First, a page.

This Year's Spending Bills Include More Than 10,000 Earmarks Costing in Excess of $19 Billion

April 14, 2009 - 8:04 PM
The federal spending bills for fiscal 2009 include more than 10,000 earmarks costing taxpayers more than $19 billion, according to the Citizens Against Government Waste.

(Photo courtesy of U.S. Department of Agriculture.)

(CNSNews.com) – The spending bills approved for fiscal 2009 by the Democratic Congress include 10,160 earmarks that will cost taxpayers $19.6 billion, according to the Citizens Against Government Waste (CAGW).

CAGW, a watchdog group that monitors federal spending, released its “Congressional Pig Book” Tuesday listing the earmarks in the appropriations for 2009.

According to the CAGW report,  money allocated by Congress in the form of earmarks rose from $17.2 billion in fiscal 2008 to more than $19.6 billion in fiscal 2009, the highest level of earmark spending since earmark reform legislation was enacted during the Bush administration in 2006.

“Vetoing the [2009] omnibus would have sent a very strong signal to Congress, to the big spenders, to the appropriators, and to everyone that change had really come to Washington, D.C.,” said David Williams, a vice president for policy at CAGW.  “Unfortunately we are seeing more of the same. It would have sent a strong signal that change has come. It was a budget in which he [Obama] had no political stake, he could have vetoed it with the stroke of pen.”

Among those who received awards for their earmarks were Senate Majority Leader Sen. Harry Reid (D-Nev.) who received the “porkersauras” award for securing  $143,000 for the Las Vegas National History Museum; Sen. Pat Roberts (R-Kan.) who received the “Narcissist Award” for securing  $2 million for the “Pat  Roberts Intelligence Scholar Program”; and  Chairman of the House Ways and Means Committee Rep. Charlie Rangel (D-N.Y.) who received the  “Mighty Windbag Award” for securing  $45,575 in funding for a wind power project for the Harlem United Supportive Housing Fund.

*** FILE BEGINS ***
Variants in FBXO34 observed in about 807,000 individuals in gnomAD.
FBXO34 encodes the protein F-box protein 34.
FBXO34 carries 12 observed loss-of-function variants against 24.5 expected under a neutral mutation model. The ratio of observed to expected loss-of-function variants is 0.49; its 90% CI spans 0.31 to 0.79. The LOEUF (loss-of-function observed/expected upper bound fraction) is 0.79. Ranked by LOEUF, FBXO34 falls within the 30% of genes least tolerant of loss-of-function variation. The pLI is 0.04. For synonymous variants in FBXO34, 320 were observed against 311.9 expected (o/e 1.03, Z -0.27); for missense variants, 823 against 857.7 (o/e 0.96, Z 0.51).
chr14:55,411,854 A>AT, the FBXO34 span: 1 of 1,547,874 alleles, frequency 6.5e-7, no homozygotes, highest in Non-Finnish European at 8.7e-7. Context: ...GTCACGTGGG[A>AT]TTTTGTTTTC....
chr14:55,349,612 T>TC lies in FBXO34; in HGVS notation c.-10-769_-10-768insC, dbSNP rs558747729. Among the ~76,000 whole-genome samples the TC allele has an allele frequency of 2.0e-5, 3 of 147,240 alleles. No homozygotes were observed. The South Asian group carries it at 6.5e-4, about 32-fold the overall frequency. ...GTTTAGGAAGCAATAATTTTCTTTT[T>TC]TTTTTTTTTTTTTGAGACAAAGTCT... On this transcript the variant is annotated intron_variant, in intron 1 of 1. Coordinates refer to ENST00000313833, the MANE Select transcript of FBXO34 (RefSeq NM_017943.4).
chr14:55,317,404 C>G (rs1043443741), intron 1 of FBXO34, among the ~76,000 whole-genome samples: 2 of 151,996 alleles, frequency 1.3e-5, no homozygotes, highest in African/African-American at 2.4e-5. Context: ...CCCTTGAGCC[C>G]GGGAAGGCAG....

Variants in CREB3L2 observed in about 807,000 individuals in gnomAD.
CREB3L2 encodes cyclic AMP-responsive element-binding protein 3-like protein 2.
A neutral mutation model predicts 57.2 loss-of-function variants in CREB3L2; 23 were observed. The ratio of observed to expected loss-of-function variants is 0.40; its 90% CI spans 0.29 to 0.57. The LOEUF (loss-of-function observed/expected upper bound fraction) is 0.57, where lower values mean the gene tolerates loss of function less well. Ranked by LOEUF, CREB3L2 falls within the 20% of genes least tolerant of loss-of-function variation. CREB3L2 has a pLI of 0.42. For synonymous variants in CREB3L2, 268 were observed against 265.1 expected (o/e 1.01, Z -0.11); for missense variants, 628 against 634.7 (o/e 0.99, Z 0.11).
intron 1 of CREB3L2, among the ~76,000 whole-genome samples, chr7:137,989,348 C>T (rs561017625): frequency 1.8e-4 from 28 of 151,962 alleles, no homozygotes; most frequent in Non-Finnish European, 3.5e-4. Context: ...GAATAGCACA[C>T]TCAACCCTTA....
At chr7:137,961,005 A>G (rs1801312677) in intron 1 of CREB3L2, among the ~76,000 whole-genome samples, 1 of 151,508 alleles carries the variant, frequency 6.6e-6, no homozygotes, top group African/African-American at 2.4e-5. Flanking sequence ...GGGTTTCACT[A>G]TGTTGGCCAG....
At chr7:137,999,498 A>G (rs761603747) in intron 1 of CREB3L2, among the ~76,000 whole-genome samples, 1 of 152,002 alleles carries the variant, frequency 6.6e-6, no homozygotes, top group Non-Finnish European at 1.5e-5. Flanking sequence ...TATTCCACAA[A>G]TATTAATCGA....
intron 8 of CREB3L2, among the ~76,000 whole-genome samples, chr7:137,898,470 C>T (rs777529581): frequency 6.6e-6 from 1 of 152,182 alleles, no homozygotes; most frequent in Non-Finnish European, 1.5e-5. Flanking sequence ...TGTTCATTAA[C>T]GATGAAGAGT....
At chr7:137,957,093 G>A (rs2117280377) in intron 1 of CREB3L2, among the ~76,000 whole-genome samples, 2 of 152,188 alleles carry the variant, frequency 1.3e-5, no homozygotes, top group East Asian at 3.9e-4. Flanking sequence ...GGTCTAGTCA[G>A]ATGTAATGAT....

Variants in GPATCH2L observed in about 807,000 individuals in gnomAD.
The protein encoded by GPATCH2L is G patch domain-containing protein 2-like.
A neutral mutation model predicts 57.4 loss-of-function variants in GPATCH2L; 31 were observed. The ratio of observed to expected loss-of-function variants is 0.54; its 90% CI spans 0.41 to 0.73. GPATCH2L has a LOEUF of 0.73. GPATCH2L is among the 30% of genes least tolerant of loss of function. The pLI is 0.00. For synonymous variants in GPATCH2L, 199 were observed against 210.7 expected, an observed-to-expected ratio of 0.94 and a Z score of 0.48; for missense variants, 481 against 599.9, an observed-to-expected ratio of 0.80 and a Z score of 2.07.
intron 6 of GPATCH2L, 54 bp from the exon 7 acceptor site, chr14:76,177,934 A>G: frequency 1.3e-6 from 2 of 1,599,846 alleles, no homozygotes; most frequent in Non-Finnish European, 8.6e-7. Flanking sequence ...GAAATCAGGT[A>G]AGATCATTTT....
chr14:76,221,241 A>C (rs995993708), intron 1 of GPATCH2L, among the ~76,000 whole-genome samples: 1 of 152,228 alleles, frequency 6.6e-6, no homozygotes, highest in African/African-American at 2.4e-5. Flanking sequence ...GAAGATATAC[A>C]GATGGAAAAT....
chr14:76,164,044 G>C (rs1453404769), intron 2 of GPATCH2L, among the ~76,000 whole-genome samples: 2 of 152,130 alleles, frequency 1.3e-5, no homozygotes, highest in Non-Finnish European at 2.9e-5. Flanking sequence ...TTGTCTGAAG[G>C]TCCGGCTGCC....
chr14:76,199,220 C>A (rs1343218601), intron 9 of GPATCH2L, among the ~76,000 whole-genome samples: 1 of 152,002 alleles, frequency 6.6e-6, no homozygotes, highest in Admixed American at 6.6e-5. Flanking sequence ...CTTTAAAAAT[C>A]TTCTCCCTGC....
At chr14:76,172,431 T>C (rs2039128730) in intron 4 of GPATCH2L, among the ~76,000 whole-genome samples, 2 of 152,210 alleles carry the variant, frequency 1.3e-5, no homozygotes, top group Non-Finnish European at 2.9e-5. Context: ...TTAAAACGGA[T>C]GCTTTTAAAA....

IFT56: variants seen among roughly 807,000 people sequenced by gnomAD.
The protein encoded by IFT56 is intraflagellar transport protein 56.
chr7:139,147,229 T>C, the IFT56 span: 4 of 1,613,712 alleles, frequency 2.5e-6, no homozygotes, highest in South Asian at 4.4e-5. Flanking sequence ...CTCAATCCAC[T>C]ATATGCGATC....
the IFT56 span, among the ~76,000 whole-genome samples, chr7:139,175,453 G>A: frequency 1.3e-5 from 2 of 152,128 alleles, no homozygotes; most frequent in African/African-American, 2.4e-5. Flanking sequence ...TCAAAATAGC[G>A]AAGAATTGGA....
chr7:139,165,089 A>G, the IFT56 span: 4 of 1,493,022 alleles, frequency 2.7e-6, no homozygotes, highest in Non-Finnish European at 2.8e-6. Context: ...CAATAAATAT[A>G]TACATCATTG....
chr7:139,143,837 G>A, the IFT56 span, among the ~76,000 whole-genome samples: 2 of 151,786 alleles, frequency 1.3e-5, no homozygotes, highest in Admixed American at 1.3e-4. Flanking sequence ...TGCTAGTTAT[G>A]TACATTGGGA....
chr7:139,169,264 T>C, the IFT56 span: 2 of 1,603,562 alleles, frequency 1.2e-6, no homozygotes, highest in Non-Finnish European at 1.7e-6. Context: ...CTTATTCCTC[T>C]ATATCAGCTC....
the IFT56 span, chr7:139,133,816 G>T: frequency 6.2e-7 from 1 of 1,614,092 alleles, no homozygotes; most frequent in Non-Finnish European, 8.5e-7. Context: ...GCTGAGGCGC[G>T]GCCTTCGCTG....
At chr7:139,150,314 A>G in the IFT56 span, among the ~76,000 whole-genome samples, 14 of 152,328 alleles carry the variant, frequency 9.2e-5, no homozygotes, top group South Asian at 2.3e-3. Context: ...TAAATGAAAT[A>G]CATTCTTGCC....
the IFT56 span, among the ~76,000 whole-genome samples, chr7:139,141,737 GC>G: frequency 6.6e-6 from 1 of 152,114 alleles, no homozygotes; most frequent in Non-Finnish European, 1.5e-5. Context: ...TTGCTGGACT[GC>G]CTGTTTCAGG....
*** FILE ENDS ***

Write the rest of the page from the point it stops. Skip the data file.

Among the 10,160 projects identified as “congressional pork,” 9,939 of them ($11.8 billion) were requested by specific members of Congress while 221 ($7.8 billion) were “anonymous,” in that they were buried in defense appropriations and other bills with no identifiers. 

But both Williams and Bob Shatz, the president of CAGW, said that earmarking is not a just a partisan problem.

“Pork has been used by both parties as re-election currency,” said Williams. “They use these projects to get re-elected every two or every six years. Most of Congress partakes in this process.”

“Pork has been used by both parties,” said Shatz.

Andrew Langer, president of the Institute for Liberty, also noted that it was Republicans’ massive  levels  of spending, including billions of dollars in earmarks, which caused them to lose a substantial number of seats in both the House and the Senate in 2006 and 2008.

“Its not a great mystery to me that the Republicans lost control of  Congress in 2006,” said Langer. “Why? Because people were upset about out-of-control spending. The majority of Americans went out there and voted for change because they really wanted fundamental change in D.C.  They believed the president when he came out and said he was against earmarks.”

But Shatz told CNSNews.com that he has not yet given up hope that Obama will keep his word and move towards reducing earmarks.

“Yes,” Shatz told CNSNews.com, “we do have some hope that they [earmarks] will be reduced.”

“It depends on how strong the president feels about earmarks -- how much an issue he wants to make out of them,” said Shatz.  “It has to be different than what he did in the omnibus because he said it will be different. There are people watching this very closely.”

To draw attention to the issue of government waste, the CAGW also brought two live pigs and a man wearing a pig costume to the press conference. Also,  CAGW employees distributed  plastic masks shaped like pig snouts to the reporters in attendance.
 
For a summary of the 2009 Congressional Pig Book, click here.